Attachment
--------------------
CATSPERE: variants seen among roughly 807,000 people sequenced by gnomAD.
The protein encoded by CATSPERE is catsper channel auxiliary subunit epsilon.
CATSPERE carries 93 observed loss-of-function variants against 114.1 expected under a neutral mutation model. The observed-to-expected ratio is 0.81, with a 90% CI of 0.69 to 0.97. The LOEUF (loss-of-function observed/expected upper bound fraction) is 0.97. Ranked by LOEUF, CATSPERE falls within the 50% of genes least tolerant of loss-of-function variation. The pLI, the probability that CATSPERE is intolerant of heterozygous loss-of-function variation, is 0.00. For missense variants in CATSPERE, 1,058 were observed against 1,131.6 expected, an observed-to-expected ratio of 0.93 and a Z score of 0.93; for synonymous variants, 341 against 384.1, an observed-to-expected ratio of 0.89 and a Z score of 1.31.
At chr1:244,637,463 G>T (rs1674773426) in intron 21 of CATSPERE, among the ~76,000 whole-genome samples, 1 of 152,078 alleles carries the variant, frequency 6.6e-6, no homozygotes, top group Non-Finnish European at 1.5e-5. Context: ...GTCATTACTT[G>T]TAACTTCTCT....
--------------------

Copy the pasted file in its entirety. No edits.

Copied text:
CATSPERE: variants seen among roughly 807,000 people sequenced by gnomAD.
The protein encoded by CATSPERE is catsper channel auxiliary subunit epsilon.
CATSPERE carries 93 observed loss-of-function variants against 114.1 expected under a neutral mutation model. The observed-to-expected ratio is 0.81, with a 90% CI of 0.69 to 0.97. The LOEUF (loss-of-function observed/expected upper bound fraction) is 0.97. Ranked by LOEUF, CATSPERE falls within the 50% of genes least tolerant of loss-of-function variation. The pLI, the probability that CATSPERE is intolerant of heterozygous loss-of-function variation, is 0.00. For missense variants in CATSPERE, 1,058 were observed against 1,131.6 expected, an observed-to-expected ratio of 0.93 and a Z score of 0.93; for synonymous variants, 341 against 384.1, an observed-to-expected ratio of 0.89 and a Z score of 1.31.
At chr1:244,637,463 G>T (rs1674773426) in intron 21 of CATSPERE, among the ~76,000 whole-genome samples, 1 of 152,078 alleles carries the variant, frequency 6.6e-6, no homozygotes, top group Non-Finnish European at 1.5e-5. Context: ...GTCATTACTT[G>T]TAACTTCTCT....